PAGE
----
There´s a lot of beautiful beaches on Langkawi. Some are more developed than others and not all of them belongs to luxury resorts. However I would not recommend to choose the cheapest place you can find, if this is the only vacation you will spend this year. Spend the money and upgrade to a resort like Berjaya Langkawi Resort.
However, If this is just a stop on the Grand South East Asia Tour you might want a cheaper stay, and I heard that the tree top chalets at Malibest Resort should be a memorable stay.


Langkawi, The island:
Langkawi is a rather big island and you can (and should) rent a car or a bike. The rental is quite cheap. Besides the diving trip, trekking, beach bars and sea food restaurants there´s all sorts of activities and attractions. Visit the Black Sand Beach or take the tree top walk e.g. There´s also som favourable shopping to do because Langkawi has (or at least had) a tax-redemtion arrangement, so many things is just a little cheaper. Just remember that you have to pay GST and taxex if you bring it with you back to Malaysia.

Black sand mud on Langkawi ©
Black sand mud on Langkawi ©


The Shwedagon Pagoda is of solid gold and build to contain hair from Buddha.
The Shwedagon Pagoda is of solid gold and build to contain hair from Buddha.



The first time I arrived in Yangon Airport was eight years ago. Then the airport was nothing more than a shag and inside sat six officials alongside a table and gave you six different stamps in you passport.
Today Yangon International Airport is a modern facility and you clear immigration in no time. You can get a business visa on arrival if you got an invitation letter, but as a tourist you need to apply for visa at a Myanmar embassy in your country of residence.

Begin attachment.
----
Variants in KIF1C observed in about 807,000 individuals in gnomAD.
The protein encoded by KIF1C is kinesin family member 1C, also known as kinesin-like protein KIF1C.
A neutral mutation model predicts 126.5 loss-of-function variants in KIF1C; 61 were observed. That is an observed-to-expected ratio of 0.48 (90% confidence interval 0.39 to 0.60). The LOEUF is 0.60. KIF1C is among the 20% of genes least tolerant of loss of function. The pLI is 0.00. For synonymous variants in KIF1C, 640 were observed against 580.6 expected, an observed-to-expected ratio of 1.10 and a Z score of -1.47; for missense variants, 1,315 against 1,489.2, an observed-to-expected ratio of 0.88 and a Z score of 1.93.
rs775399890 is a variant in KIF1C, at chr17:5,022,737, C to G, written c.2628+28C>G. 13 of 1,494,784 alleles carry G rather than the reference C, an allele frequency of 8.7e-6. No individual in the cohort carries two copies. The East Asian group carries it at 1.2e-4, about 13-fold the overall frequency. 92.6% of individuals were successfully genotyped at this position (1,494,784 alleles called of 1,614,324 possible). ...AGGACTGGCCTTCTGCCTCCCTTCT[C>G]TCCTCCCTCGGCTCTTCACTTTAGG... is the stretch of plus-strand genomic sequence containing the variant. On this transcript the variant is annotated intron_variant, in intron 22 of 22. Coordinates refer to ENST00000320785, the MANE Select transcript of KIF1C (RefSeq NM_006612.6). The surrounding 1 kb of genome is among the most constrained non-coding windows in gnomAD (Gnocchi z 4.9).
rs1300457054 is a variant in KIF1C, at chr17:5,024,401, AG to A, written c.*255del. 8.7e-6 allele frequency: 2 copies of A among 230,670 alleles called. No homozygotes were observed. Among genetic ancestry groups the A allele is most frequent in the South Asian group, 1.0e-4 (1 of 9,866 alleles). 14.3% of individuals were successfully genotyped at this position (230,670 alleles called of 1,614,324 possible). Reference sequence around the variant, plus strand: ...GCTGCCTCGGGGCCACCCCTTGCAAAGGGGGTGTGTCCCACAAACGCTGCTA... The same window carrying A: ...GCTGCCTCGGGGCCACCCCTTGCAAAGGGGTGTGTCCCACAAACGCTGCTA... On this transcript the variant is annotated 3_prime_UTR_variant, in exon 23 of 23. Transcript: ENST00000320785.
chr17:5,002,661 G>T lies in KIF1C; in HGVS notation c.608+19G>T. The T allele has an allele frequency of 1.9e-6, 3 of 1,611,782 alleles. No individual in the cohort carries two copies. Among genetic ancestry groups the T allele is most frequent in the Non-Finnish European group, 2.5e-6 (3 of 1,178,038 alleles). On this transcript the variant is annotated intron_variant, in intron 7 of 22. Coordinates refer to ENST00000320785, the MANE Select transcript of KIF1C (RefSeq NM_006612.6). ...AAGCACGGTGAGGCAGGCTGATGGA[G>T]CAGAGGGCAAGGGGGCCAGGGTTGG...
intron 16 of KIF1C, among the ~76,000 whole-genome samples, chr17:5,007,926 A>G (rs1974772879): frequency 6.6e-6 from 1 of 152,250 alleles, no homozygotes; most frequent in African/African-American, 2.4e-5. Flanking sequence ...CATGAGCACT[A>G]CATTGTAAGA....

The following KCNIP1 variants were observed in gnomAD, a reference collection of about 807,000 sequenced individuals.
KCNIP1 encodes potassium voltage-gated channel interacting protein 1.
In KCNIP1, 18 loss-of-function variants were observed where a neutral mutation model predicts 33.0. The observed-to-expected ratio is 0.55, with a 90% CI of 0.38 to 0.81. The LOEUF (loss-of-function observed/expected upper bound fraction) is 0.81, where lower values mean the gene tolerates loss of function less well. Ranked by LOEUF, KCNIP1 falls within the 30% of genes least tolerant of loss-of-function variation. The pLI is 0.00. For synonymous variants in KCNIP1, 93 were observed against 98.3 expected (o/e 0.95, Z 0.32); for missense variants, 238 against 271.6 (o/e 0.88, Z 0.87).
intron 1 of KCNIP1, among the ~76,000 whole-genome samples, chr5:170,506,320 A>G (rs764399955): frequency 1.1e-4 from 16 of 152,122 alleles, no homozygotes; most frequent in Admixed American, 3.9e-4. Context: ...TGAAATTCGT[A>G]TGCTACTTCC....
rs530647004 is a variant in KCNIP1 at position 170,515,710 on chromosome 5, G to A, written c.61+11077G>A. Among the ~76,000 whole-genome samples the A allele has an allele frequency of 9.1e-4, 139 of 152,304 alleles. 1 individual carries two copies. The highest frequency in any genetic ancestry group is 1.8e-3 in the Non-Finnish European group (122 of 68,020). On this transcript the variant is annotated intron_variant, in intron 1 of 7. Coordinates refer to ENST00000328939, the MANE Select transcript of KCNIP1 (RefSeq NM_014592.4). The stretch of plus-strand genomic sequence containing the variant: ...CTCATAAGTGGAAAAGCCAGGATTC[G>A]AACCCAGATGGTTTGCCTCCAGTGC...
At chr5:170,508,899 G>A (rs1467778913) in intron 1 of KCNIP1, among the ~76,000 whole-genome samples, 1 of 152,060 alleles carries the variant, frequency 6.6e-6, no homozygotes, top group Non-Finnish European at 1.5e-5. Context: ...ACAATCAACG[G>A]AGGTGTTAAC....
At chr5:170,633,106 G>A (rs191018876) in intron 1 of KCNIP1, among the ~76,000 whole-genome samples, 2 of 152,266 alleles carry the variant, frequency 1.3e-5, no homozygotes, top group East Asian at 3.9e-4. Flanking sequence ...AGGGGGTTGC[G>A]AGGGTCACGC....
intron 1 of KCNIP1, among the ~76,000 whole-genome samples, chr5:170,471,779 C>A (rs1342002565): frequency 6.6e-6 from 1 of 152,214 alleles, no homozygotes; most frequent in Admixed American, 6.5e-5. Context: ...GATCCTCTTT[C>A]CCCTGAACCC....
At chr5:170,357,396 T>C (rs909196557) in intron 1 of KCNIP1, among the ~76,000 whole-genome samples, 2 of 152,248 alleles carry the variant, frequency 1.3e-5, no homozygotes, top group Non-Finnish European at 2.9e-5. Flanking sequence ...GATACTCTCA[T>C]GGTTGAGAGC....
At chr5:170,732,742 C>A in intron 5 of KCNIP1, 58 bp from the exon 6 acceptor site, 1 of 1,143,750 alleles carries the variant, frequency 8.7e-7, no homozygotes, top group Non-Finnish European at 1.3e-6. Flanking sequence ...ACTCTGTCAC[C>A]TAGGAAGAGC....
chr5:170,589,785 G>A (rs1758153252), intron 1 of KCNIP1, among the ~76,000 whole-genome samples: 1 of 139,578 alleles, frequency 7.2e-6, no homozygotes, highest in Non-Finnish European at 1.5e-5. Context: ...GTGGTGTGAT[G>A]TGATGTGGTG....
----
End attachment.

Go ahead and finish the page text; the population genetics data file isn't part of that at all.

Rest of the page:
You properly need to change some money in the airport as money changers outside Myanmar normally don´t sell Myanmar Kyat. However, you can only change more than 100 dollars at the time. Outside the airport it´s a good idea to carry either US dollars or Singapore dollars. I prefer Sing dollars because they are made of some sort of “plastic paper” and therefor seldom scratched or written on like the US dollar. If you carry USD make sure the notes a new, no scratches and no drawings on them. Locals will refuse to take them then. In 2014 you get about 10.000 kyat for 100 USD.

Getting from the airport: Yangon got no tuktuk or other motorbikes, so main transportation is taxi.  You get a taxi easily and pay around 10.000 Kyat for trip to the city centre. In general you pay 2.000 kyat for short trips and 6-8.000 for long trips by taxi.

Hotels in Yangon:
My impression is, that cheap hotels is still hard to come by in Yangon, but some locals has established inns in their privat homes, and they should provide excellent stays.
A midrange hotel like Panda Hotel is about 100 USD in 2014 and in the higher end you get good treatment at the Chatrium Hotel from 160++ USD. You can pay with VISA and Master and at least at Chatrium there´s a ATM-mashine just outside the lobby.

Yangon, the city
Yangon is a city that´s changing fast. But it´s still a very charming with a history. I surely will recommend a visit to Shwedagon Pagoda, that is said to contain hair from Buddha him self and brought back to an ancient kingdom in Myanmar by two brothers.
Every fifth year all the gold plates on the pagoda, each with a weight of one pound, is taken down and remelted and then believers can buy a new one for 400 USD with their name engraved and blessed by the monks and then have the plate is reinstalled on the pagoda.

Mother and daughter selling glass pieces at the Nagra Glass Factory, Yangon ©
Mother and daughter selling glass pieces at the Nagra Glass Factory, Yangon ©

During my last visit a friend showed me the old Nagar Glass Factory. Once a factory renewed for its quality craft mansship , but the factory was destroyed by the cyclone Nagris in 2008, and today the classes is chattered all over place. The family still keeps the place open though, and here you can walk around on the huge compound and find all kind of class that you then pay 4-10 USD for per piece.

Kandawgyi Lake in Yangon ©
Kandawgyi Lake in Yangon ©